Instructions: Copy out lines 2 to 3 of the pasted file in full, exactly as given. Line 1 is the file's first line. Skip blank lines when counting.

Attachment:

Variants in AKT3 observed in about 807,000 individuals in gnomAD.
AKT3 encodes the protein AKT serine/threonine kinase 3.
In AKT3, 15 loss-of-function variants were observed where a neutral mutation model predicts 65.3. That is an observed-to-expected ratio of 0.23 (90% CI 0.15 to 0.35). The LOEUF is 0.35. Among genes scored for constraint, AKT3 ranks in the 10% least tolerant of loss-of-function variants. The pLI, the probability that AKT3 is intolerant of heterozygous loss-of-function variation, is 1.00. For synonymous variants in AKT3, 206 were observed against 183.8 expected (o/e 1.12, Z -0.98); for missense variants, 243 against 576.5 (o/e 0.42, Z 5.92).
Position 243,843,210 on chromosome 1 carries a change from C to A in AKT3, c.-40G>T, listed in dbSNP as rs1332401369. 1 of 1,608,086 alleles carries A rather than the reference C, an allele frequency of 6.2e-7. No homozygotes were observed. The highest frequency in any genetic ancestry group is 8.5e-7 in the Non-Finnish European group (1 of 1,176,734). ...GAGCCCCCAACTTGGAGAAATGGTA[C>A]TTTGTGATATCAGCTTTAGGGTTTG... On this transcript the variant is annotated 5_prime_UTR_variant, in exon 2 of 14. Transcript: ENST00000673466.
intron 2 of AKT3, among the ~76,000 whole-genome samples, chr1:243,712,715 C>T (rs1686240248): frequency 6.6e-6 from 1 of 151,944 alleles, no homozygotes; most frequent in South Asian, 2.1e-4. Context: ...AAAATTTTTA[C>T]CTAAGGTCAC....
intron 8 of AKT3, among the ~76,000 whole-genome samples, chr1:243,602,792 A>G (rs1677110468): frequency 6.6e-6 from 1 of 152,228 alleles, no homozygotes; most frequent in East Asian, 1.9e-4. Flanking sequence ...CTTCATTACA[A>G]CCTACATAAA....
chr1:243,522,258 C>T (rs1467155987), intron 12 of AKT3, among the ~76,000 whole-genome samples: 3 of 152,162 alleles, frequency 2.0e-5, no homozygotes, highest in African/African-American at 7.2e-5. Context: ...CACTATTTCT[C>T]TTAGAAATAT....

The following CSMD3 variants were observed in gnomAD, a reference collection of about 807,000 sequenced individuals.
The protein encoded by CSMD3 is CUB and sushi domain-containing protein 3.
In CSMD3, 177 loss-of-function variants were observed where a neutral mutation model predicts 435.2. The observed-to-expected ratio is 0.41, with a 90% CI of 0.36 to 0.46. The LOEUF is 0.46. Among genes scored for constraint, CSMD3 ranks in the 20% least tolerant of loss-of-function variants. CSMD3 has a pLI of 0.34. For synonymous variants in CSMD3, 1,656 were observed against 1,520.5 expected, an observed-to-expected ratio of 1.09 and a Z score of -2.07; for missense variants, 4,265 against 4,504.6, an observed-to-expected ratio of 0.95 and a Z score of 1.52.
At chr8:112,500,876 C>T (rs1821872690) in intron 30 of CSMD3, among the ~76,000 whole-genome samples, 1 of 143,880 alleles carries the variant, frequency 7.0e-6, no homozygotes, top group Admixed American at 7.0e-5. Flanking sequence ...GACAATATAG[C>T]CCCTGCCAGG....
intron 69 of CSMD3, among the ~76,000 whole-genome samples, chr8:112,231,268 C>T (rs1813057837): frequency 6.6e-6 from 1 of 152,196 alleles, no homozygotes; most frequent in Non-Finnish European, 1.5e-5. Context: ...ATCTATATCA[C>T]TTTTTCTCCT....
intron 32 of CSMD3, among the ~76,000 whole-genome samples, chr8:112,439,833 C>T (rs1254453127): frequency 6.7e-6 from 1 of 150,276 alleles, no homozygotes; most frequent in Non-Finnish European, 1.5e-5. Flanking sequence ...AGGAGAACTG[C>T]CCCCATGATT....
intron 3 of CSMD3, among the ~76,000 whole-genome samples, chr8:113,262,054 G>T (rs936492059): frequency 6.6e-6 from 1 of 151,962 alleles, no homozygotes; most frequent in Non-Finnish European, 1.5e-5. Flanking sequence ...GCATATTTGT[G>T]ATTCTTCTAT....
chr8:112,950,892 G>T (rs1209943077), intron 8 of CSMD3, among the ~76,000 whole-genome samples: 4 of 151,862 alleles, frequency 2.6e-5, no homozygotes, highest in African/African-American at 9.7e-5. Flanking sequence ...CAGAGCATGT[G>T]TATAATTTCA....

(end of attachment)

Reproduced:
AKT3 encodes the protein AKT serine/threonine kinase 3.
In AKT3, 15 loss-of-function variants were observed where a neutral mutation model predicts 65.3. That is an observed-to-expected ratio of 0.23 (90% CI 0.15 to 0.35). The LOEUF is 0.35. Among genes scored for constraint, AKT3 ranks in the 10% least tolerant of loss-of-function variants. The pLI, the probability that AKT3 is intolerant of heterozygous loss-of-function variation, is 1.00. For synonymous variants in AKT3, 206 were observed against 183.8 expected (o/e 1.12, Z -0.98); for missense variants, 243 against 576.5 (o/e 0.42, Z 5.92).